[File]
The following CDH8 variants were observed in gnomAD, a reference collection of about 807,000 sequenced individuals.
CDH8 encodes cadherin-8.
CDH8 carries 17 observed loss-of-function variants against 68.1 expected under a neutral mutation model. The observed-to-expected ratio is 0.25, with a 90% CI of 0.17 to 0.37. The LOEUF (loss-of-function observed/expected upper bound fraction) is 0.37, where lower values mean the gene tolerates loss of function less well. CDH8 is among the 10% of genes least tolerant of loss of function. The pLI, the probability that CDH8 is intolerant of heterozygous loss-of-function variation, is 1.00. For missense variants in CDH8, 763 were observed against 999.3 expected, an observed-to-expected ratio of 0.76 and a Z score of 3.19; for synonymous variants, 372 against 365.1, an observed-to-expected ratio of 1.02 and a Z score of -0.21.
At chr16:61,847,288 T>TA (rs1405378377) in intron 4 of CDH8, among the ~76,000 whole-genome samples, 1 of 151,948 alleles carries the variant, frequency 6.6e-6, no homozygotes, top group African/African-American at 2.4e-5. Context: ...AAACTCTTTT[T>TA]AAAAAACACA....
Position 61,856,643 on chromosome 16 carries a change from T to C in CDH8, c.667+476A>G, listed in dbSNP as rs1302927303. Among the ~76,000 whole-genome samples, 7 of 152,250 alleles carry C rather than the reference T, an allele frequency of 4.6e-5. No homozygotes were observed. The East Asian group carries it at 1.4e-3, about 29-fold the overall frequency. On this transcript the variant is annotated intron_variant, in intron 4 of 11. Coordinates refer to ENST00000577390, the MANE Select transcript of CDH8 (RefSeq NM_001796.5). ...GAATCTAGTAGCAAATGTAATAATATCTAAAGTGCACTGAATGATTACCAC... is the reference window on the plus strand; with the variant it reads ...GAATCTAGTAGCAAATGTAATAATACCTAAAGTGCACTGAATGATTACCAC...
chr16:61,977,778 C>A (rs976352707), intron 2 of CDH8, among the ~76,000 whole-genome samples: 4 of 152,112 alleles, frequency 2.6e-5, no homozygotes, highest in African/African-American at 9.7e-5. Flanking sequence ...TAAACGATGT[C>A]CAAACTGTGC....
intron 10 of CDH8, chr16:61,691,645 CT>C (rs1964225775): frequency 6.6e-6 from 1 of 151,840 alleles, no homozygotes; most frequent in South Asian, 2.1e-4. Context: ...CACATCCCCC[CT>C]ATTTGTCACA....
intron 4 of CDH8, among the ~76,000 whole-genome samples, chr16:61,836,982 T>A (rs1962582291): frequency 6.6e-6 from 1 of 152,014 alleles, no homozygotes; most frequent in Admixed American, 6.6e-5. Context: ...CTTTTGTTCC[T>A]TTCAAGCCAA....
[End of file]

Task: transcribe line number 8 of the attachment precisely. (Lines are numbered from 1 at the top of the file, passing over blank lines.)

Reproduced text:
intron 4 of CDH8, among the ~76,000 whole-genome samples, chr16:61,836,982 T>A (rs1962582291): frequency 6.6e-6 from 1 of 152,014 alleles, no homozygotes; most frequent in Admixed American, 6.6e-5. Context: ...CTTTTGTTCC[T>A]TTCAAGCCAA....